Crestone is a quiet, mystical place. Surrounded by 14,000-foot peaks of the Sangre de Cristo mountain range, the small community is home to an Ashram, a Hindu temple, a monastery and other retreat centers, as well as artists, writers, healers and international spiritual and environmental leaders. Deer graze in fields, eagles soar above and a horse named Cinder sometimes wanders the streets. Time almost stands still in this town known as Shambala.
But come the first weekend of every August, the area explodes in music, song and dance at the Crestone Music Festival called CrestFest. For three days the local golf course morphs into a concert venue with non-stop music playing on two covered stages at opposite ends of the field.
Jury-selected artisans and importers, palm readers, a variety of food, spirits from a regional winery and microbrewery, rug and antique auctions and children’s activities add to the festivities. There’s even a pie-eating contest and limbo and wood-chopping competitions. Workshops on drumming for kids are offered in the children’s zone. Although more and more tents seem to pop up on the fringes of the field every year, it’s the music that ultimately draws the crowds — locals, San Luis Valley neighbors and visitors from around the state.
The multi-ethnic music of every genre from across the globe offers something for every age and stage. For example, the Taiko Drummers from Japan produce an amazing example of strength and percussion rhythms created on huge drums. The sizzling sounds of Sabroso, a Cuban salsa band, invariably gets the crowd dancing barefoot on the lawn. And the soulful Middle Eastern group Sadaqah captures attention with its sensual dance. Whether it’s hot sounds or mellow tunes, bluegrass or blues, the music is the backbone of the best outdoor party of the summer.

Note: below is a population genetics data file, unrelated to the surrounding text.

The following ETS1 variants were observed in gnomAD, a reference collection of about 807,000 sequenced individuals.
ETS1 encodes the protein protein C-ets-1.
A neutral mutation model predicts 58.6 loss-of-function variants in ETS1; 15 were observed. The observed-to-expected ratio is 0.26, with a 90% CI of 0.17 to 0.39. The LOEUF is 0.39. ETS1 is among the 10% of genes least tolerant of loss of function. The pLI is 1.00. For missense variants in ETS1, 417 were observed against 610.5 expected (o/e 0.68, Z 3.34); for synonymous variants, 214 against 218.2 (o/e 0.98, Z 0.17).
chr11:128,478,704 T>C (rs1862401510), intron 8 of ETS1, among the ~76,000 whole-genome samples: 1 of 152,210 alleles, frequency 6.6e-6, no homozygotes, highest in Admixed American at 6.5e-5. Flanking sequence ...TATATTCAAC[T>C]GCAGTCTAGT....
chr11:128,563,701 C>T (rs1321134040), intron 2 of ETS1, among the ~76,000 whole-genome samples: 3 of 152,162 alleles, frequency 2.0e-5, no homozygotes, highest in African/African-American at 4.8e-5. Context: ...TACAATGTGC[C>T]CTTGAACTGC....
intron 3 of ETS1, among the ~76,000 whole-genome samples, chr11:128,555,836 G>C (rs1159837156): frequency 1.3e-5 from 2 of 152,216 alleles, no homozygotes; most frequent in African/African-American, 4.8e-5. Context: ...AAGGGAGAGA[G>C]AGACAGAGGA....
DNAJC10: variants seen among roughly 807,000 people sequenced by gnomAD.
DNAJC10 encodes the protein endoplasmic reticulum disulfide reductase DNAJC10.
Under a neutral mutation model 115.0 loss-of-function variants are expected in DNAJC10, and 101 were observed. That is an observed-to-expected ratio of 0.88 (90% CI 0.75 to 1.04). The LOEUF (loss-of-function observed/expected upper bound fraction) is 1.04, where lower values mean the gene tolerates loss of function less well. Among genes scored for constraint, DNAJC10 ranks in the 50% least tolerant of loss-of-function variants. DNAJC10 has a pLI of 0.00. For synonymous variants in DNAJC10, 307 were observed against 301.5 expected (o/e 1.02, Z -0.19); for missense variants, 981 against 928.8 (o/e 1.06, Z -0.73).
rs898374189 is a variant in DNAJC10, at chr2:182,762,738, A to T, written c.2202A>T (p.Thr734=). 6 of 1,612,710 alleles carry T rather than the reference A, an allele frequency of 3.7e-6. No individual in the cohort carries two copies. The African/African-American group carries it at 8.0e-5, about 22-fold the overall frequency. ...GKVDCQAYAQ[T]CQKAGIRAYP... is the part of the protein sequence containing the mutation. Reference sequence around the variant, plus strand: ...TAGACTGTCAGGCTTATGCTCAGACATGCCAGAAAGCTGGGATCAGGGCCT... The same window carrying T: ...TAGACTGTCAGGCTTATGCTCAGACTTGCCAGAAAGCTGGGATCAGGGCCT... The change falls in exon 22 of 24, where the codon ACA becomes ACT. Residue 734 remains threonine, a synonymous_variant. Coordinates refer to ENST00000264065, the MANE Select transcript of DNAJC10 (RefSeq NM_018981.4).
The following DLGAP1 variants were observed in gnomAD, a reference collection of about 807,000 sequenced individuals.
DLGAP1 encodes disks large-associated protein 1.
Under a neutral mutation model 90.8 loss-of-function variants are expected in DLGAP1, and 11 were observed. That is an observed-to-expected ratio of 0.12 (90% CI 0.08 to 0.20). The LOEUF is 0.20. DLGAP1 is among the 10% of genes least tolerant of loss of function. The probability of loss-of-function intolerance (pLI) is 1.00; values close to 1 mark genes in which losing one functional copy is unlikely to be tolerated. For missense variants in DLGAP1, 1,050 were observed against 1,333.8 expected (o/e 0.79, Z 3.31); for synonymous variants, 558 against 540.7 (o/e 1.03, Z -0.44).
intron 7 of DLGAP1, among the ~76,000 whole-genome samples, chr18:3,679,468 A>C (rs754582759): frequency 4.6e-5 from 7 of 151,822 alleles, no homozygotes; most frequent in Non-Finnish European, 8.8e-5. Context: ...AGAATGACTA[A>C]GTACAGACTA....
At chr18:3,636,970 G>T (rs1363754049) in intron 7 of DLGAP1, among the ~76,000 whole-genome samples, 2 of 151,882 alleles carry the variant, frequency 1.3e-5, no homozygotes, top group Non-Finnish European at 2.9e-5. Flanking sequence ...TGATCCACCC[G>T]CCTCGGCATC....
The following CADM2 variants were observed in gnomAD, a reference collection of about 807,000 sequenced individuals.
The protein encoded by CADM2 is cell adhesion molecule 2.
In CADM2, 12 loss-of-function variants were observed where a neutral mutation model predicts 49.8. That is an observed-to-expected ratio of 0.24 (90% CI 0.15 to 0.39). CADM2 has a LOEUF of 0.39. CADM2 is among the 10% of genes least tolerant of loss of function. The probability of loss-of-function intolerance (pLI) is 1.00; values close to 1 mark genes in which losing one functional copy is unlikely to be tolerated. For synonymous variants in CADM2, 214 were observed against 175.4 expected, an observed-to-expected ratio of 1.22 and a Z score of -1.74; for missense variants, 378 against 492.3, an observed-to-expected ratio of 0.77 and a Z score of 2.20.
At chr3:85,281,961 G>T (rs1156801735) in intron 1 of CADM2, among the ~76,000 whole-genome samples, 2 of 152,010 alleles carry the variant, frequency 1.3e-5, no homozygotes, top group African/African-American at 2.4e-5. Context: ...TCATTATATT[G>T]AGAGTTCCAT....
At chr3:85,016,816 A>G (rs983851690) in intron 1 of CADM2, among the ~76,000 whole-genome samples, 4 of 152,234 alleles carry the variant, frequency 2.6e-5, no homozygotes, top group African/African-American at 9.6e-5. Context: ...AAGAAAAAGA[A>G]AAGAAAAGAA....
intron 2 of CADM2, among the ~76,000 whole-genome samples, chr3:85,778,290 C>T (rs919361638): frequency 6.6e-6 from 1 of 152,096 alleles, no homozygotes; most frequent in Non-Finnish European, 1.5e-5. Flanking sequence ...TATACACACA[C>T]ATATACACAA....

The fest kicks off Friday at 5 p.m. with four acts playing until 10 p.m. Saturday performances run from 10:45 a.m. until 9:30 that night. When dark descends on Saturday, a stunning performance of fire dancers and an impressive fireworks display bring the night to a close. Sunday morning wakes to music at 8 a.m. and fills the air until the festival ends at 7:30 p.m.
Regional performers and bands include Celtic musician and singer Loretta Thompson, pop-reggae act Judge Roughneck, Still Water Steel Drum Band, marimba ensemble Tobatana, Quickdraw Homegrown Music and funk’s Little Hercules. A slew of local groups, such as the down-home style of Heath & Alycia and the flute invocations of Bruce Becker, will entertain as well.
If You Go
For tickets and more information, go to crestfest.org or call 719-256-4533. You can book online or buy at the entrance, but the festival does sell out.
Crestone is halfway between Salida and Alamosa off Colorado 17 in the San Luis Valley. For area camping and lodging options and other things to do, contact Crestone Area Visitor’s Agency at 719-256-5210 or go to www.crestonevisit.com.
Colorado native Claudia Carbone is an award-winning ski and travel journalist and the author of the book “Women Ski.” She writes for local, national and international publications.
From the Editors: We spent a heap of time making sure this story was accurate when it was published, but of course, things can change. Please confirm the details before setting out in our great Centennial State.